A month after Democrats lost the Virginia governor’s race and just squeaked out a victory in New Jersey, they’re trying to retool their message on “kitchen table” issues and working to tout the benefits voters will reap from President Biden’s agenda, as they prepare for 36 governor’s races in 2022.

They’re shying away from the topic of former President Donald Trump, after years relying on him to motivate Democratic voters to get to the polls. That approach flopped with swing voters in Virginia, who helped elect Republican Glenn Youngkin to be the state’s next governor.

“We’ve got to find our way into more kitchen tables. We have to get into the conversations at night that families are having about what government does, what it means to them, to make it less abstract and more real,” said New Jersey Governor Phil Murphy, who won his reelection in New Jersey by 3.3%, a figure he admitted was tighter than he expected it would be.

Democrats have been battered by the political headwinds from Mr. Biden’s falling approval ratings, an uncertain economy with high inflation and the threat posed by constantly new COVID-19 variants. But they’re still optimistic that progress on his agenda, particularly the infrastructure bill, could yield tangible results incumbent governors and Democratic candidates will be able to point to when the campaign season heats up.

“The policies that the Biden administration has been able to help implement, are really going to be hitting the streets here in the next few months and years,” said North Carolina Governor and chair of the Democratic Governors Association Roy Cooper. “And the president, his administration and other Democrats will benefit significantly because of that.”

Cooper, who was speaking at the group’s annual policy and fundraising meeting in New Orleans, said incumbents and candidates need to focus on the direct impact they can have on voters’ lives through childcare, healthcare or education, and point to what they’ve done to curb the COVID-19 pandemic.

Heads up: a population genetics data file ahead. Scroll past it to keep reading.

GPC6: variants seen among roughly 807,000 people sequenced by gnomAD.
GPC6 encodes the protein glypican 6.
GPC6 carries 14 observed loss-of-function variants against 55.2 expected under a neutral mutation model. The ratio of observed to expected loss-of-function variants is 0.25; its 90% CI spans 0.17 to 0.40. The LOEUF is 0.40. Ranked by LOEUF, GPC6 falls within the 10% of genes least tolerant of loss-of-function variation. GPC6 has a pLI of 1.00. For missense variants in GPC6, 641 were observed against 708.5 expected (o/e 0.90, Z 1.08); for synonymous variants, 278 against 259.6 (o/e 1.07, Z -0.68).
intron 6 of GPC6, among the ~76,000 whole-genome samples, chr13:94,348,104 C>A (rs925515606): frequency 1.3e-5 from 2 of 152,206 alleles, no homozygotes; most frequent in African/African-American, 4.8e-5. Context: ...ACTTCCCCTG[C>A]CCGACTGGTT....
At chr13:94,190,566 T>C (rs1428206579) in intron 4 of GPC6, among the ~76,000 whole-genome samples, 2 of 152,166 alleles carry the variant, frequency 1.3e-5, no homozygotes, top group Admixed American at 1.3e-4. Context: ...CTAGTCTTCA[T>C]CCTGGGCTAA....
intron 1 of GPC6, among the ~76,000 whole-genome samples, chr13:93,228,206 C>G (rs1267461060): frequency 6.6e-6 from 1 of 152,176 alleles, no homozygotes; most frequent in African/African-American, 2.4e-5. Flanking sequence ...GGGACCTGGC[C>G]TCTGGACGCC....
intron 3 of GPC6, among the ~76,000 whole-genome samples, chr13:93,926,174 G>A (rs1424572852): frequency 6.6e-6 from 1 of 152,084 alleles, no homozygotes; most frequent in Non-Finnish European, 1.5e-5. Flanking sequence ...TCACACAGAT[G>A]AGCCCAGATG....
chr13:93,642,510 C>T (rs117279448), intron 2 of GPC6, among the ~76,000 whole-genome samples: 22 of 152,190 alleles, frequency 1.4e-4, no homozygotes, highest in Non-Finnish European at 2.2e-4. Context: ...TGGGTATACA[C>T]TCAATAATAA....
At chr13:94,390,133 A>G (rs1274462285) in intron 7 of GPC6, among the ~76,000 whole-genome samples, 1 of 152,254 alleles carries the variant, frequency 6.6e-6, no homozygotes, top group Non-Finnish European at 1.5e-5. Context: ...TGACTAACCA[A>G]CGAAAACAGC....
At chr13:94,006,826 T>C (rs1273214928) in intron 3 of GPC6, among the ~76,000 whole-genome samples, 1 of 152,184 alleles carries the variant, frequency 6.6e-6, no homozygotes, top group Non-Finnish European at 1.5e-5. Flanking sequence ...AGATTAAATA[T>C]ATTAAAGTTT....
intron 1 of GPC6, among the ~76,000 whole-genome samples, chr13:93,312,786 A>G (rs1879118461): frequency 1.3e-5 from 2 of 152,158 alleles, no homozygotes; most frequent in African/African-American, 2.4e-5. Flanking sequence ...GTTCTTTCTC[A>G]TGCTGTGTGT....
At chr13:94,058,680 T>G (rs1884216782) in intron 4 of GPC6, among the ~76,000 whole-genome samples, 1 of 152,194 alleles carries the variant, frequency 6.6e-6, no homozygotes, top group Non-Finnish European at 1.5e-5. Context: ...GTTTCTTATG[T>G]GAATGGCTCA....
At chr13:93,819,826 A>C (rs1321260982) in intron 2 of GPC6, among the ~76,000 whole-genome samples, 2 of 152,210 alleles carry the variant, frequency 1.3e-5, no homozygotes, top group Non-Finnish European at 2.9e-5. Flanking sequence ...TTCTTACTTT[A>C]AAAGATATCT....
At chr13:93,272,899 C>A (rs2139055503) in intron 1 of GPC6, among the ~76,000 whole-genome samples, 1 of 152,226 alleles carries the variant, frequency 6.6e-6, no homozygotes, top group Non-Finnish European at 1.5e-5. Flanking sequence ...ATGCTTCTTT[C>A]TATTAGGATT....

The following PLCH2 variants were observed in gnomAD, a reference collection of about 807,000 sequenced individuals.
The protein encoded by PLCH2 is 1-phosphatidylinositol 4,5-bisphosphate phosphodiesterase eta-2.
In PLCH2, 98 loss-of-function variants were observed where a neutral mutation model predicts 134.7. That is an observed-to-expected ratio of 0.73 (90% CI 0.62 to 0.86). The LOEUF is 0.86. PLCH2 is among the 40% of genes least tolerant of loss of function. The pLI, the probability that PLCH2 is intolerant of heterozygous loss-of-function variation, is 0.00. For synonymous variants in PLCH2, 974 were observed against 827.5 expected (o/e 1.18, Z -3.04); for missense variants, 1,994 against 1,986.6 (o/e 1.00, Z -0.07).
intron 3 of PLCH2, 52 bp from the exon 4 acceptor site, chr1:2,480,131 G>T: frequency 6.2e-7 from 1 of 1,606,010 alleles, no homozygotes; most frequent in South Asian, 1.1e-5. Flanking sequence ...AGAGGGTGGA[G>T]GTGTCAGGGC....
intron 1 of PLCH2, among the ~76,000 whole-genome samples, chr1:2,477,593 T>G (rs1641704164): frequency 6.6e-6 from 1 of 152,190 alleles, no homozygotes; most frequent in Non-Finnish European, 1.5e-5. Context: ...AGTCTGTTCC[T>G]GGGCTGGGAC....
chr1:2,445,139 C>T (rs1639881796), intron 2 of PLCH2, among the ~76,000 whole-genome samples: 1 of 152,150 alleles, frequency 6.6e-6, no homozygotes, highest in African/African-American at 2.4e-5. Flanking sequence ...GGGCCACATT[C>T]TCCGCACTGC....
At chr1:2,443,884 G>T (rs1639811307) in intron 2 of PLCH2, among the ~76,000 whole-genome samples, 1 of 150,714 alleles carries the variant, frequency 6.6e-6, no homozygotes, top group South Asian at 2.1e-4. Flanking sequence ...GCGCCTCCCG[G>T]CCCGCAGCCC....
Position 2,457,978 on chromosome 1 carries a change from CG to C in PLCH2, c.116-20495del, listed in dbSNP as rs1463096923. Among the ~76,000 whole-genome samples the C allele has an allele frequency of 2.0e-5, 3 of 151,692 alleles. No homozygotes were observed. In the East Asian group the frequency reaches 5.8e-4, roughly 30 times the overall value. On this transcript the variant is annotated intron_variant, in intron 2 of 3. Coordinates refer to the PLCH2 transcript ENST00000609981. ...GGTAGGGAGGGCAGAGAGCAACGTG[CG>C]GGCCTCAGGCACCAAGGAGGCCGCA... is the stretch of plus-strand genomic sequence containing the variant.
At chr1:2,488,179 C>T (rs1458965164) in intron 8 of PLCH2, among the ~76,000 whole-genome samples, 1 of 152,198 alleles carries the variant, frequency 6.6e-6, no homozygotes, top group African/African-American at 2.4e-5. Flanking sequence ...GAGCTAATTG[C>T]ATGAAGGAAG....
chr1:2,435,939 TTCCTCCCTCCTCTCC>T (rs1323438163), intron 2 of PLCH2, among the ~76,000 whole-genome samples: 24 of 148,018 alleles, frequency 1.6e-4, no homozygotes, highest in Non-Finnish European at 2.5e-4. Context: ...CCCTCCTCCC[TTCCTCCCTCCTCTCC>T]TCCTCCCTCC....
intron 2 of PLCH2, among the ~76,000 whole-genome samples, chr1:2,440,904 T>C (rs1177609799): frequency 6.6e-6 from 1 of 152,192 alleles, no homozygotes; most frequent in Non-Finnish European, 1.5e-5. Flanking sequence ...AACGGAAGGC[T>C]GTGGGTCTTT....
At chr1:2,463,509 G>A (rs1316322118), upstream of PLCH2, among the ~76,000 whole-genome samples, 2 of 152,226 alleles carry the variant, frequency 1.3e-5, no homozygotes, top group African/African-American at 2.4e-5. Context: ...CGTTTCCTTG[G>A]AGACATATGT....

Democrats are defending 16 governor’s seats in 2022. They’re anticipating incumbents in Kansas, Nevada, Wisconsin, Michigan, Maine, Minnesota and New Mexico will face the most competitive races. In these seven states, Mr. Biden had a similar or smaller margin of victory than he did in Virginia. Trump won Kansas by about 15 points in 2020, by slightly less than in 2016.

“The Biden agenda consists of unpopular, job-killing government mandates, a self-created humanitarian and security crisis at the border, and nearly 40-year high inflation that’s causing real American wages to go down,” said Republican Governors Association spokesperson Joanna Rodriguez. “If that’s the agenda Democrat governors are confident leaning into, we’re all for it. It’ll make our win in Virginia look like child’s play.”

In Virginia Democratic candidate and former governor Terry McAuliffe’s race for a second term this year, he tied his GOP opponent Glenn Youngkin to Trump at every opportunity, trying to motivate the base in a state Trump lost by 10 points. Cooper didn’t rule out using Trump as a voting issue, but said it would depend on the political makeup of the state, and on whether Trump is involved in a GOP primary. In any case, he would not be the main  focus.

There are 11 Republican incumbent governors facing primary challenges. No incumbent Democrat faces a notable challenger.

In states Democrats are targeting, Trump is backing challengers or candidates more aligned with his brand, rather than any in the mold of a Youngkin. In fact, in a couple of states Trump is creating headaches for his party because he’s backing challengers to Republican incumbents or preferred mainstream GOP candidates.